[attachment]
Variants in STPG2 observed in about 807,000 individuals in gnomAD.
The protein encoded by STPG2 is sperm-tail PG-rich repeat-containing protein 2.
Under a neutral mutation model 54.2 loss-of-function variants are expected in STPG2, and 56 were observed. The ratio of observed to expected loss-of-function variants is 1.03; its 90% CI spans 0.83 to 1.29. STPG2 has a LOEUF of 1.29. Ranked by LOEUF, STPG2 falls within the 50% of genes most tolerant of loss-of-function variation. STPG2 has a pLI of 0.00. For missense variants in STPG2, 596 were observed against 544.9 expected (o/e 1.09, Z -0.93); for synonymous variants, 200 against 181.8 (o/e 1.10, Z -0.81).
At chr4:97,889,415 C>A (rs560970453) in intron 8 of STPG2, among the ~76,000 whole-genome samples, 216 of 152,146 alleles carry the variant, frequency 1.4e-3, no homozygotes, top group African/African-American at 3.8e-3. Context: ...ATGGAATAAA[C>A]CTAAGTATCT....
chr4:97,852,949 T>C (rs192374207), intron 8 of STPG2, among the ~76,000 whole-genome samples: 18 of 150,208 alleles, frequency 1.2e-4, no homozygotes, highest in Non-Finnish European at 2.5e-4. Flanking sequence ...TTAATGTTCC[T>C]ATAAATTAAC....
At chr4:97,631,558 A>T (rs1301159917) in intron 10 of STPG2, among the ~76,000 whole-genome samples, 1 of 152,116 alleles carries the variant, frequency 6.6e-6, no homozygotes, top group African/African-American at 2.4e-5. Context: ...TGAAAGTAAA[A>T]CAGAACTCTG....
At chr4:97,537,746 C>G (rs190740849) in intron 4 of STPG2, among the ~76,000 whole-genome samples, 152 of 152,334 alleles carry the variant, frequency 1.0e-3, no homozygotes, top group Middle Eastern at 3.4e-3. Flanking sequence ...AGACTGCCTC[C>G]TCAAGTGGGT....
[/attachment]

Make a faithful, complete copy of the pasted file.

Variants in STPG2 observed in about 807,000 individuals in gnomAD.
The protein encoded by STPG2 is sperm-tail PG-rich repeat-containing protein 2.
Under a neutral mutation model 54.2 loss-of-function variants are expected in STPG2, and 56 were observed. The ratio of observed to expected loss-of-function variants is 1.03; its 90% CI spans 0.83 to 1.29. STPG2 has a LOEUF of 1.29. Ranked by LOEUF, STPG2 falls within the 50% of genes most tolerant of loss-of-function variation. STPG2 has a pLI of 0.00. For missense variants in STPG2, 596 were observed against 544.9 expected (o/e 1.09, Z -0.93); for synonymous variants, 200 against 181.8 (o/e 1.10, Z -0.81).
At chr4:97,889,415 C>A (rs560970453) in intron 8 of STPG2, among the ~76,000 whole-genome samples, 216 of 152,146 alleles carry the variant, frequency 1.4e-3, no homozygotes, top group African/African-American at 3.8e-3. Context: ...ATGGAATAAA[C>A]CTAAGTATCT....
chr4:97,852,949 T>C (rs192374207), intron 8 of STPG2, among the ~76,000 whole-genome samples: 18 of 150,208 alleles, frequency 1.2e-4, no homozygotes, highest in Non-Finnish European at 2.5e-4. Flanking sequence ...TTAATGTTCC[T>C]ATAAATTAAC....
At chr4:97,631,558 A>T (rs1301159917) in intron 10 of STPG2, among the ~76,000 whole-genome samples, 1 of 152,116 alleles carries the variant, frequency 6.6e-6, no homozygotes, top group African/African-American at 2.4e-5. Context: ...TGAAAGTAAA[A>T]CAGAACTCTG....
At chr4:97,537,746 C>G (rs190740849) in intron 4 of STPG2, among the ~76,000 whole-genome samples, 152 of 152,334 alleles carry the variant, frequency 1.0e-3, no homozygotes, top group Middle Eastern at 3.4e-3. Flanking sequence ...AGACTGCCTC[C>G]TCAAGTGGGT....